Winter Maintenance Tips: Frozen Fluids

Winter maintenance tips: frozen fluids

Winter Maintenance

When it’s extremely cold outside, a cup of warm coffee can freeze in the air. I’ll admit that antifreeze is designed for slightly higher performance than a cup of Tim Hortons. But, at the same time, most vehicle fluids aren’t designed for Saskatchewan winters. Here are a few things you should know about fluids as you perform your winter maintenance:

Antifreeze

Its name can be a bit misleading because pure antifreeze only has a freezing point of about -8C°. The freezing point is only lowered by the addition of water. Most of the antifreeze you can purchase comes pre-mixed with water at a 50/50 ratio. That balance will be sufficient for most temperatures, except the extremes. During the coldest months, increasing the ratio of antifreeze to water (approximately 65/35) will lower the freezing point of your antifreeze dramatically while keeping the boiling point from dropping too low. Take note, however, that modern vehicles are calibrated to read their internal temperatures with a 50/50 blend.  

Winter-Blend Gasoline

You may not know it, but the gasoline you pump in June is different from the blend you pump in December. The difference hinges upon the Reid Vapor Pressure rating (RVP). The higher the RVP, the more easily the fuel evaporates. Summer blend gasoline has a lower RVP to prevent evaporation and decrease excessive pollution. Winter-blend fuel has a higher RVP so that enough gasoline can evaporate even in freezing temperatures. Fortunately, refineries take uncertainty out of the equation for consumers and supply winter-blend gasoline only during the appropriate months. So, this technically isn’t a winter maintenance tip, but it’s still good to know.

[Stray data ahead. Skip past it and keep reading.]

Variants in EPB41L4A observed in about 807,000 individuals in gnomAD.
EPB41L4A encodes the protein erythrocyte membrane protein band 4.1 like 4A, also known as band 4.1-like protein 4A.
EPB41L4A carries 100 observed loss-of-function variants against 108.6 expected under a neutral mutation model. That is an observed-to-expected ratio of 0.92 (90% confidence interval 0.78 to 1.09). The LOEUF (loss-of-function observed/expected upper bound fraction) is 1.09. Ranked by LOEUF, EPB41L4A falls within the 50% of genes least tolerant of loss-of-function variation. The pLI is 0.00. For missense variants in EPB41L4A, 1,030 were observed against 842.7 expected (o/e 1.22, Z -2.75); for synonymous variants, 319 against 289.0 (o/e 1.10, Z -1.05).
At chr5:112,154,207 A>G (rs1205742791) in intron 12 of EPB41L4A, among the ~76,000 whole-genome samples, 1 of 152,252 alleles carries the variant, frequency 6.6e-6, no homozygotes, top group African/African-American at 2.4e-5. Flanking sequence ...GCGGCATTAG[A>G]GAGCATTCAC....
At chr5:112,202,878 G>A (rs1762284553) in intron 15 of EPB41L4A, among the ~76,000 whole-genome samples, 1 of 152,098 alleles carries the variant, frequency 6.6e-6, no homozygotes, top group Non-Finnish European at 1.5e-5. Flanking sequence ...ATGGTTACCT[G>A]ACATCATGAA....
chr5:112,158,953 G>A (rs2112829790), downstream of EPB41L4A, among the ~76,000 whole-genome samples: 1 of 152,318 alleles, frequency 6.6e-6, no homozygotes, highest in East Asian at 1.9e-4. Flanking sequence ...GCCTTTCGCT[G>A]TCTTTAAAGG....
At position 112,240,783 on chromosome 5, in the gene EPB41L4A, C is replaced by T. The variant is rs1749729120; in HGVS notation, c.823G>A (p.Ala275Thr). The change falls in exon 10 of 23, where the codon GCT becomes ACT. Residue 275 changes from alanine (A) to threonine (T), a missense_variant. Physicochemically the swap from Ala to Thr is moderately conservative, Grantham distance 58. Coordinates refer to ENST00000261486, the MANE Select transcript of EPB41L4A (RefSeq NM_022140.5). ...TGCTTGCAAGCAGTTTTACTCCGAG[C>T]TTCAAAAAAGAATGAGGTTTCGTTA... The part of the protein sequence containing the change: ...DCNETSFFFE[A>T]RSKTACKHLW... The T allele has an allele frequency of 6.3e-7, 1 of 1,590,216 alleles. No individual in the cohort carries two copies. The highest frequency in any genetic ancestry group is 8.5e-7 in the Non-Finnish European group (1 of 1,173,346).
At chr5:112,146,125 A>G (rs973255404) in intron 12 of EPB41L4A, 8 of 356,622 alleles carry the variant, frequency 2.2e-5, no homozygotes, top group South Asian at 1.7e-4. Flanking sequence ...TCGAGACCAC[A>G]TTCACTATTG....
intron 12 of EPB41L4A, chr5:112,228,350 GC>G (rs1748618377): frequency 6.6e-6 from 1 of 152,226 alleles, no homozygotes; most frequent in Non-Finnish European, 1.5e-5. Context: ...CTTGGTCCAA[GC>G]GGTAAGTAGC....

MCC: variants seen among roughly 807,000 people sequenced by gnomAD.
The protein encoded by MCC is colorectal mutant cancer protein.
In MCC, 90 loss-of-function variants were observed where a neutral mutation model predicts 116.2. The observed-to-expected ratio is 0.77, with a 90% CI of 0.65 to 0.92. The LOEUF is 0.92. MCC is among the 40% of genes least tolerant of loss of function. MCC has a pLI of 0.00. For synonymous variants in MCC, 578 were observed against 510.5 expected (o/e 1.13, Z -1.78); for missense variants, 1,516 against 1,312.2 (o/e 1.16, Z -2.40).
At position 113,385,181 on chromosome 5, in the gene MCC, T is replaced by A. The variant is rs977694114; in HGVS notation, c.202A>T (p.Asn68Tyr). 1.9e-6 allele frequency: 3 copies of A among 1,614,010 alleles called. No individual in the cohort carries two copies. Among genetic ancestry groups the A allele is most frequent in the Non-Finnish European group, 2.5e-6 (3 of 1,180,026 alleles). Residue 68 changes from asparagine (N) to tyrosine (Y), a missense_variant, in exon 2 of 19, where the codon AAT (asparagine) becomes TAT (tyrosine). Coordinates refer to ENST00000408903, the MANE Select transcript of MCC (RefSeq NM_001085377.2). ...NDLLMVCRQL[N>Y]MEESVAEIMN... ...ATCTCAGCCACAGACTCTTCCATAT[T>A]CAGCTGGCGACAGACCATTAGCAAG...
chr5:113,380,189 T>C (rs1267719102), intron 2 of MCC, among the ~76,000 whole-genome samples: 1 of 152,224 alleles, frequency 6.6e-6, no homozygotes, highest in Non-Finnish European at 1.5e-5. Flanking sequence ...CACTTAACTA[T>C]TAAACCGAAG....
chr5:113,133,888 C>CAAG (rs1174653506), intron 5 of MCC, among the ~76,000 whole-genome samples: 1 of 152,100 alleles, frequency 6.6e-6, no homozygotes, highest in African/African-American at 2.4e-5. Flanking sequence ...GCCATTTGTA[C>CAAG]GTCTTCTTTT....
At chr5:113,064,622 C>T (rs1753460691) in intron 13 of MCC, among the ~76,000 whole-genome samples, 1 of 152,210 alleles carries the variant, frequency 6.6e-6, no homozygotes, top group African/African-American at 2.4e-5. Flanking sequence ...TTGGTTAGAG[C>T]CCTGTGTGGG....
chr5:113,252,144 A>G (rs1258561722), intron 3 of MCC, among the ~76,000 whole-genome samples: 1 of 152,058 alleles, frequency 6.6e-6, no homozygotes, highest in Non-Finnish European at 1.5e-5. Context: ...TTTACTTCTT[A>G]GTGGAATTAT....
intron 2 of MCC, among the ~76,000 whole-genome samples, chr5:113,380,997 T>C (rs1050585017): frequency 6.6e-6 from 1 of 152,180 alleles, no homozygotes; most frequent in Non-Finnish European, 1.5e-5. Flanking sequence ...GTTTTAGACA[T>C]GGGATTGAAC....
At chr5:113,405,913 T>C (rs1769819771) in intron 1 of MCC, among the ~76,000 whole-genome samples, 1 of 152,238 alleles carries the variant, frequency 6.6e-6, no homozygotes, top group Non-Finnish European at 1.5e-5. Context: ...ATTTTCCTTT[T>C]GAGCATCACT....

Oil Viscosity

For most drivers, remembering to have their oil changed regularly concludes their thoughts on the subject. They rarely consider the type of oil they’re using. Engine oils have a number of distinguishing features, but only viscosity is relevant to cold temperatures. Viscosity is the oil’s thickness, and different oils retain optimal viscosity at different temperatures. That’s why it’s important to pick the right oil for your climate. In the rating 5W-30, 5W is the winter rating (30 is the high-temperature rating), tested at 0°F. The lower the number before the W, the quicker oil will flow in your engine when it is cold.   

Bottom Line

Regular maintenance is essential to keeping your vehicle on the road and avoiding costly repairs down the road. No matter what time of year you need it, our service specialists are here not only to keep your vehicle in tip-top shape but to help you learn best practices when it comes to maintaining a healthy vehicle. Call us today at 1-866-789-3032 or better yet, come in and see us!